Heads' fears on radom drug testing

By John HowardHEADTEACHERS are seeking a meeting with a chief constable to discuss their fears about random drug testing and sniffer dogs in schools.

By John Howard

HEADTEACHERS are seeking a meeting with a chief constable to discuss their fears about random drug testing and sniffer dogs in schools.

They are concerned the traditional role of schools was being eroded as headteachers were asked to take on another new initiative that moved them into the realm of policing.

The move came after Prime Minister Tony Blair said guidance would be issued next month to headteachers “which is going to give them specifically the power to do random drug testing within their schools”.


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The latest guidance on drug testing was issued last week by the Department for Education and Skills.

It said headteachers were within their rights to ask police or private companies to bring sniffer dogs on to school premises or to employ drug testing.

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Adrian Williams, president of the Suffolk branch of the National Association of Headteachers, said: “This is yet another thing schools are being asked to think about and most heads are very anxious about it.

“We do not see why we should act as policemen. We have to act when there is drug use or trafficking and have policies for both.”

He added: “Heads have asked the Suffolk Chief Constable to talk to us about the implications so we can learn more about it. We will be interested to see what the chief constable has to say about sniffer dogs and random tests.

“We feel the random tests is a step too far. There are so many things we are asked to do and we are more than instructors, but you wonder if we have to be social services, a welfare department and everything else, which can get in the way.”

Gwen Randall, headteacher of Framlingham College, said it currently operated a drugs testing policy within strict parameters.

She added: “If the proposal is to introduce random drug testing into school, I think it's absolutely appalling. Random drug testing destroys the trust that exists between teachers and their pupils.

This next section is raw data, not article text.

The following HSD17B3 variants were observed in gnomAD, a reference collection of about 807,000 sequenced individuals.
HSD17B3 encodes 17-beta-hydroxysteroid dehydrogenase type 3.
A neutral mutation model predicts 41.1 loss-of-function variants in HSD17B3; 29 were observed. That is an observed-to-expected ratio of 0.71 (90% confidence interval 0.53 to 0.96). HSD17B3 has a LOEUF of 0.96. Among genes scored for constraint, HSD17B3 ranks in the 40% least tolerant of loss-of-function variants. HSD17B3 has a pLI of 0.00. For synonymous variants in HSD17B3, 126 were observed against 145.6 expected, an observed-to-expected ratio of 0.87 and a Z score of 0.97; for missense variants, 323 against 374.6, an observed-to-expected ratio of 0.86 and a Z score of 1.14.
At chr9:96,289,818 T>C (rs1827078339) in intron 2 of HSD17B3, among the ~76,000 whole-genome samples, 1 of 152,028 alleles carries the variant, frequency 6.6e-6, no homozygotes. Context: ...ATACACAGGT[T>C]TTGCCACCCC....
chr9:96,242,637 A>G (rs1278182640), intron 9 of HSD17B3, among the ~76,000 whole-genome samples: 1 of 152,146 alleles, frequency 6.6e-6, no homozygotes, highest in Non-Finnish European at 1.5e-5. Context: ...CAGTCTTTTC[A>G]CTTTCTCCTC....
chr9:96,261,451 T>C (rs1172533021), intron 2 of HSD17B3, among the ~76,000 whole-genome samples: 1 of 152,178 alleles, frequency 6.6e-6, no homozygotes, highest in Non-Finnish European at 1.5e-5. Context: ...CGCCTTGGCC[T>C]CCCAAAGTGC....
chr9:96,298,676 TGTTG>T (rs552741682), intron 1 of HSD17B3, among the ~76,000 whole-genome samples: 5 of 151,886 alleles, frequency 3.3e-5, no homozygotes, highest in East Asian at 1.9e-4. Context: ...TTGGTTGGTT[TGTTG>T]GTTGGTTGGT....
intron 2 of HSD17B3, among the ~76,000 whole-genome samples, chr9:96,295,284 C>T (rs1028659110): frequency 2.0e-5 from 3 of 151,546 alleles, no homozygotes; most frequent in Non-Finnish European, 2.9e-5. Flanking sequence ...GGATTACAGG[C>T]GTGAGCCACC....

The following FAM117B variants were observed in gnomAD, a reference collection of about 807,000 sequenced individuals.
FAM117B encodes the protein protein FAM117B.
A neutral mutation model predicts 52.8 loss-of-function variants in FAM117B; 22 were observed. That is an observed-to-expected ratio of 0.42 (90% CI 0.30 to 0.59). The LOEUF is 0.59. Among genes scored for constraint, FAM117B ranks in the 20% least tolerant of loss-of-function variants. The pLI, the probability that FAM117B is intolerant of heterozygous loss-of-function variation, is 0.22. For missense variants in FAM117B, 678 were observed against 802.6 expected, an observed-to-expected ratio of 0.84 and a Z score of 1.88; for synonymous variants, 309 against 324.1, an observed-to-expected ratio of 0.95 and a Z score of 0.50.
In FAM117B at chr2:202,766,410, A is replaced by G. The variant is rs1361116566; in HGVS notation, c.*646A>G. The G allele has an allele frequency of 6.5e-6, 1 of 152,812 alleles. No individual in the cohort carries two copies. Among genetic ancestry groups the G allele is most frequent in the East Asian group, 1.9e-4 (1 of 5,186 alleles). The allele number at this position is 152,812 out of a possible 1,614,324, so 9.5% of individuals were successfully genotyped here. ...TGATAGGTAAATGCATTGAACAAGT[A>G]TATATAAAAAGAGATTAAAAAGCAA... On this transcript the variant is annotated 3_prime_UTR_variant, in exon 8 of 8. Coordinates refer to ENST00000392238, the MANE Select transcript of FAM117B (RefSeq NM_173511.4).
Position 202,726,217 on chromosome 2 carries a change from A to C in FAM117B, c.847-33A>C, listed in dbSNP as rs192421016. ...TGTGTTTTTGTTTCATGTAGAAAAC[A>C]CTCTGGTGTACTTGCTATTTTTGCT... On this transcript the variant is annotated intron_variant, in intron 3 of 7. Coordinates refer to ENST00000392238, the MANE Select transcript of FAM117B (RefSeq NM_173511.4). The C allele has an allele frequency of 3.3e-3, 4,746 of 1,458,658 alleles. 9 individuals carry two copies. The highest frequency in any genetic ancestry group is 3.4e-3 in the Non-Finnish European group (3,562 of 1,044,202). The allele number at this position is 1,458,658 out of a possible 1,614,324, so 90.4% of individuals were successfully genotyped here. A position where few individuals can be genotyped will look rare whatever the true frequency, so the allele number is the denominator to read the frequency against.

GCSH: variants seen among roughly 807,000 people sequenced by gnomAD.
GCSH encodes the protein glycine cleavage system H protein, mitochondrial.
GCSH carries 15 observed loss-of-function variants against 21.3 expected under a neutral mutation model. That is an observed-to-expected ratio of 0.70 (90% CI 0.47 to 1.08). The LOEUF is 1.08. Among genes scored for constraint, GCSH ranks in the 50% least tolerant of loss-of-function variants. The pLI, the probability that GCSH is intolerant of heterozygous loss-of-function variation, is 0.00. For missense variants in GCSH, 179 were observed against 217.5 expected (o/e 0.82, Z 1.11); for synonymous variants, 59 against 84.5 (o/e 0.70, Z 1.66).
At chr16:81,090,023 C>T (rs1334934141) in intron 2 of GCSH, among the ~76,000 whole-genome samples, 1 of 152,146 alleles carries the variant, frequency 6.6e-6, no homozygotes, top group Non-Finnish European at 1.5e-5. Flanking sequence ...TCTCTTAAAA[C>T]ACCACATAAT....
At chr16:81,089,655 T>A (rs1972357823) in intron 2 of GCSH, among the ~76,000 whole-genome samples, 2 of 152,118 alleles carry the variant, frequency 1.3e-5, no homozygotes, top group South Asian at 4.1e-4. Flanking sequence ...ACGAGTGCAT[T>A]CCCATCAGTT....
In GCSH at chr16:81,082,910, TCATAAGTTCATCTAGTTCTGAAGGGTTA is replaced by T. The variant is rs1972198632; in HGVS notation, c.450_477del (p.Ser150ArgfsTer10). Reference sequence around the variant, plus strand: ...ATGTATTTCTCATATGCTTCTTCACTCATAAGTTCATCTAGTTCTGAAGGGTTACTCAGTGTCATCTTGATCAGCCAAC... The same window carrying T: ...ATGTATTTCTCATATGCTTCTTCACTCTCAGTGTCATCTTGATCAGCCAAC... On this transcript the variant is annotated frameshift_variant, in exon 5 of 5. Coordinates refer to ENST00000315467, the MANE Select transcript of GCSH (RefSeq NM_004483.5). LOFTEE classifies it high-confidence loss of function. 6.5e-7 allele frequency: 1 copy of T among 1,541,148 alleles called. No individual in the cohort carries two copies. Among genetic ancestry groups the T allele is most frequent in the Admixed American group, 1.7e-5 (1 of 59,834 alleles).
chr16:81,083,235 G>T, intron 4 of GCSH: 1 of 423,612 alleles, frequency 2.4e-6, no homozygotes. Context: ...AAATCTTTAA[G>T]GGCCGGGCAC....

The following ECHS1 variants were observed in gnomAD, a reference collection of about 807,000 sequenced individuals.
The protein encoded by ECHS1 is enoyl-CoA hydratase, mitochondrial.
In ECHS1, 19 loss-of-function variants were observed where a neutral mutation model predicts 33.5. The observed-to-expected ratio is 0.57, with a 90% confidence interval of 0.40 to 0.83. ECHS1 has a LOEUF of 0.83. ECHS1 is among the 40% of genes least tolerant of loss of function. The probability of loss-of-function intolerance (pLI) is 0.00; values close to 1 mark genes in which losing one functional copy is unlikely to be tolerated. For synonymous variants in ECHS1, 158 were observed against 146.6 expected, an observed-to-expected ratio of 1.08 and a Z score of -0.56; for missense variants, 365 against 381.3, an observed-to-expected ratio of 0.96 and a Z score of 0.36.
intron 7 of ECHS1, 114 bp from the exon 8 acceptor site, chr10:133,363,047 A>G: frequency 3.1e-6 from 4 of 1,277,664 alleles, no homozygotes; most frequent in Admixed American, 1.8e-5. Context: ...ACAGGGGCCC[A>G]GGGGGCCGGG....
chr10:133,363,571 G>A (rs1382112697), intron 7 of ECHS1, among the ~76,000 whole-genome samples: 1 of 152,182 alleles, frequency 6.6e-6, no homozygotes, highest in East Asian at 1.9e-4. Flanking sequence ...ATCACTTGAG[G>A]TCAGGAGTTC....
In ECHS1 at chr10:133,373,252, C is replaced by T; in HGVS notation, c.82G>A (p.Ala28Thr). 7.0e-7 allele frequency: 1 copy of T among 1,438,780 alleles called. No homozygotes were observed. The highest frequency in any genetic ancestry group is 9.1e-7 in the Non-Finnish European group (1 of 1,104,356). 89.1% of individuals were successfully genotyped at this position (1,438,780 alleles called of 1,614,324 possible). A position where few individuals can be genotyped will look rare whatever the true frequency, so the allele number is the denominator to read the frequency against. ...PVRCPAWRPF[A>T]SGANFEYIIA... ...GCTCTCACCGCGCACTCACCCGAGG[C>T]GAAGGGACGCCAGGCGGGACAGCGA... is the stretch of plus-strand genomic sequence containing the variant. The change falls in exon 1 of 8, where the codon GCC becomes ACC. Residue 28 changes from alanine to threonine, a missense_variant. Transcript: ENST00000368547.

“We operate a policy whereby if we have reason to believe that a pupil has been involved with drugs, then we reserve the right to test.”

A spokeswoman for Suffolk police said its chief constable, Alastair McWhirter, would be making arrangements to meet with headteachers as soon as possible.

“The Department of Education and Science guidance on this matter raises a number of complex issues which he is willing to discuss with them in detail,” she added.

A spokesman for Essex County Council said random drug testing could be seen by some people as going too far in the battle against substance abuse.

“There is a lot of work which goes on in schools aimed at preventing young people from taking drugs of any form,” he added.

“This should continue to be the main priority. Testing may damage the relationship between headteachers and pupils which should be based on respect and trust.”

Jerry Glazier, general secretary of the Essex National Union of Teachers, added: “This would place schools in an extremely difficult position.

“It is fraught with difficulties - not least the fact that parents would have to give their consent to such an activity. You can't just force a test on someone.

“At the end of the day, the growing use of drugs is a concern to the profession, but we should be dealing with the cause of the problem, not just the symptoms.”

A Department for Education said: “The guidance applies to all forms of drug testing, whether random or routine.

“Notwithstanding all the sound and fury surrounding all this, let's not forget that at the end of the day drugs can have a devastating impact on young people's lives.”

john.howard@eadt.co.uk

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